Next, Gopal presented some results from the high-resolution HFIP runs. For track forecasts, the HWRFX at a higher resolution improved track forecast for lead times 24-48h. Meanwhile, the higher resolution HWRFX improved intensity forecasts for lead times 0-30h. Then, some results from the 2009 hurricane season were presented. For these runs, Gopal explained that HWRFX was run at 9km/3km with no ocean coupling and no vortex initialization and no cycling. HWRF initial and boundary conditions were used. HWRFX was also run in real-time, twice a day at 00 and 12Z, and 126h forecasts were produced for 78 cases. The ATCF files were provided to the multi-model regional ensemble, and using the NJET to run HWRFX came out to 2.5 hours for simulation time and 50 mins. for post-processing, on average. Gopal noted that HWRFX real-time demo simulations could be viewed at: https://storm.aoml.noaa.gov/hwrfx/. Next, a plot of track forecast error was presented for storms Ana through Erika for the 2009 Atlantic hurricane season. The HWRFX (in red) is comparable to HWRF (in blue) and GFDL (in green). In the plot showing 10m wind forecast error (line graph) and bias (bar graph), the HWRFX intensity bias and intensity error are both high indicating the need for evaluating the use of HWRF initial conditions and physics in the HWRFX. From the 2009 Atlantic season, Gopal presented plots for Hurricane Bill and Erika. For Bill, a 10m max. wind speed plot is shown for HWRFX using HWRF initial conditions (in red) and GFS initial conditions (in green). Gopal explained that this plot was used to better understand what was going on with HWRFX. The HWRF init. conditions produce stronger wind speeds for Bill. For Erika, the HWRF init. conditions again produce a stronger storm, but using GFS init. conditions also produces in increased intensity than what was observed. Gopal also mentioned that the storm tracks were also affected.
Next, a vortex scale evaluation was described where axisymmetric vortex structures were compared with airborne Doppler composites. The Doppler composites (observations) in the left column were compared with the 3km HWRFX runs (in the middle column) and the 9km HWRFX runs (right column) for Katrina. For the tangential wind, the 3km HWRFX better simulated what was observed. This was also true for the radial wind, as the 9km HWRF deepened this field too much. The higher resolution HWRFX also did a better job simulating vertical wind, vorticity, and divergence compared to the 9km HWRFX. Gopal then presented simulations of the evolution of an isolated vortex in a uniform easterly flow, which was an ideal case for the HWRFX. Here, the 9km and 3km model are compared and even the 9km model does a decent job with this simulation. More examples of diagnostics were presented in the next few slides and they included an example of how a warm core forms with rapid intensification, the relationship between structure and intensity changes (which were consistent with theory), and modeled mean structure of a hurricane compared to Doppler observations (where the HWRFX proved to be consistent with theory and observations). Gopal then provided an update on the innermost nest work. He mentioned that at the higher resolution, mesovorticies were occurring in the HWRFX. To determine the center in these cases, a centroid was used in the nest motion algorithm. To address the issue of projection and interpolation issues with multiple moving domains, a rotated latitude-longitude grid was used for all computations in the HWRFX.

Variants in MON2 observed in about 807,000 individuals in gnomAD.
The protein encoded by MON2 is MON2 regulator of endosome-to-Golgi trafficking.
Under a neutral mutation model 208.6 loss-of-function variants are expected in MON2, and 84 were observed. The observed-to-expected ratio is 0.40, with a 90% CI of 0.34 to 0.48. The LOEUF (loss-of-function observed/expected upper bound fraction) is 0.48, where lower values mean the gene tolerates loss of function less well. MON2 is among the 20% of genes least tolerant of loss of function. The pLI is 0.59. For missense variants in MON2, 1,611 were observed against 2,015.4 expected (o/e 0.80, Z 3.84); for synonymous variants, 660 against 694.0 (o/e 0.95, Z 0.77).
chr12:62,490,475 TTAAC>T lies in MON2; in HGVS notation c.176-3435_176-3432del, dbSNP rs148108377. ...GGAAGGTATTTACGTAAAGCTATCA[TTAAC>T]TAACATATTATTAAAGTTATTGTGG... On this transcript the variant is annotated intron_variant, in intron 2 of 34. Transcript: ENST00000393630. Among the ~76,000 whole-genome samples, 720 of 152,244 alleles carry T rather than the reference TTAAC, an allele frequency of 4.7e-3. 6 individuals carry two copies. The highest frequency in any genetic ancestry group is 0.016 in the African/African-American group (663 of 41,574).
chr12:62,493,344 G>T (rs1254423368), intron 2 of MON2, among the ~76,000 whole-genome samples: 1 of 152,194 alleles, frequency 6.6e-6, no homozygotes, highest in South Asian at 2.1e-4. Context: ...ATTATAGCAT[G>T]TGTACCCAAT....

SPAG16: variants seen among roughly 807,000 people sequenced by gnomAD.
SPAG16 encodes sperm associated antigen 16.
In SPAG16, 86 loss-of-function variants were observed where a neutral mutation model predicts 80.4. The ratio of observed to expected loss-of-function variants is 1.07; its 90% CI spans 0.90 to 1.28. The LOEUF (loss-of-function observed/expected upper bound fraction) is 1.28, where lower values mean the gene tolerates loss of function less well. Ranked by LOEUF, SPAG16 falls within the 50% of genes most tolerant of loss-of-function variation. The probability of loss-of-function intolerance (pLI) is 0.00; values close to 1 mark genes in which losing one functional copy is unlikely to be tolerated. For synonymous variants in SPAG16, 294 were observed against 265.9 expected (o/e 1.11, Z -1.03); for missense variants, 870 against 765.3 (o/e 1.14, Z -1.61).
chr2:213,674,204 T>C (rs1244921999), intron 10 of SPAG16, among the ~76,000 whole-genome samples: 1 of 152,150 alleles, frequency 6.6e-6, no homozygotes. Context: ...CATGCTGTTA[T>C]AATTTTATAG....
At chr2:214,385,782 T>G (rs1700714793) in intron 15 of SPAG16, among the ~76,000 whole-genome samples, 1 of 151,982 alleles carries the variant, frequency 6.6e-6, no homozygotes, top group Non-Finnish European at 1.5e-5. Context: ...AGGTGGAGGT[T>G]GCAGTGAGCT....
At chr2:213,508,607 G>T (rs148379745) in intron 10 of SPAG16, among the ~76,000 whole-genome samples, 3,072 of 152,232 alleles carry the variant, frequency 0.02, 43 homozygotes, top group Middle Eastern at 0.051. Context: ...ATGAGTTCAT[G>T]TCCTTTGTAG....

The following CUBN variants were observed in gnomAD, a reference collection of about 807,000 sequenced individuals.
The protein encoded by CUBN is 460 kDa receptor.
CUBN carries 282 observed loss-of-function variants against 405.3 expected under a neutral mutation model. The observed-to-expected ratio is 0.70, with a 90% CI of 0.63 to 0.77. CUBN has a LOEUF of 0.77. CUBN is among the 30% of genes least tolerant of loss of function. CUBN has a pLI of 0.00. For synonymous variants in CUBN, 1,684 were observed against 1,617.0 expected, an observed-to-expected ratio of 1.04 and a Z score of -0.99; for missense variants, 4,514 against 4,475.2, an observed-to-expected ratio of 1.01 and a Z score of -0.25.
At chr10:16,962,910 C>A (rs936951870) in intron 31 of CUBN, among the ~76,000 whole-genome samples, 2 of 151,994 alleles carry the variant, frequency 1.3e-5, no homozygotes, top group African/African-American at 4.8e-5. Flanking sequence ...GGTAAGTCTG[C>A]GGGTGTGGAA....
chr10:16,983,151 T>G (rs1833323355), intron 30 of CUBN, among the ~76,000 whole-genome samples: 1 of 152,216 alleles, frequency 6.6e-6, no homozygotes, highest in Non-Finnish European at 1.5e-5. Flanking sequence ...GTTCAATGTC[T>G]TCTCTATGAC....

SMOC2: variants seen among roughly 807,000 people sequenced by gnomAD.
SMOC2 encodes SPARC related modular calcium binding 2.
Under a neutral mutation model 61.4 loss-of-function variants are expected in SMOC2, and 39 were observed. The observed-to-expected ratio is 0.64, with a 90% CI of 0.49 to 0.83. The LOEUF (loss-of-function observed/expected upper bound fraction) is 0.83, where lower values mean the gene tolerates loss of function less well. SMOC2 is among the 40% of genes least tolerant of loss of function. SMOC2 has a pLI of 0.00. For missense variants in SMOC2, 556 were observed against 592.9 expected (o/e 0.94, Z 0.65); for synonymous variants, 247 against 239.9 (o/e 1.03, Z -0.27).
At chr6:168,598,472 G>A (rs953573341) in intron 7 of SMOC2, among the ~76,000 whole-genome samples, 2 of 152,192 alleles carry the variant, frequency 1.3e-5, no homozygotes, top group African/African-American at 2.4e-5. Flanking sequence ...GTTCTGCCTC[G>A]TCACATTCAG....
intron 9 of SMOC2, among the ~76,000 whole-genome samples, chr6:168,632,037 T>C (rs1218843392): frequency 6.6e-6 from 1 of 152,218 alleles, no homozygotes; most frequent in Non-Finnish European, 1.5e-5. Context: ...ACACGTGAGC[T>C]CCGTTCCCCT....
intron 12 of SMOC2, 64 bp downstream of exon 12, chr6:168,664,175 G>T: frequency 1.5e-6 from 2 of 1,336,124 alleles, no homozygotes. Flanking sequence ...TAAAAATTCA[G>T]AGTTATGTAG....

Gopal concluded by first presenting a list of questions involving HWRFX issues and ongoing discussions. They included assessing the lessons learned from the 69 test cases in relation to storm structure and intensity beyond statistics, determining the role of shear in the 2009 hurricane season and whether a higher resolution helped to predict shear-vortex interactions, looking at the outcome of the sensitivity experiments for Erika and Danny from the 2009 Atlantic hurricane season, and re-evaluating whether surface layer properties are consistent with observations. Finally, a list of issues and future research was shown. Gopal noted that the resolution was needed to understand the vortex of the storm to prevent tuning of the model for the wrong reason. Also, while the 1-3km resolution was needed to understand the multi-scale prediction problem, it wasn't a solution to it. Lastly, Gopal questioned the physics suite for high resolution, asking how the right physics should be evaluated and whether we should move past a maximum wind at the lowest model level.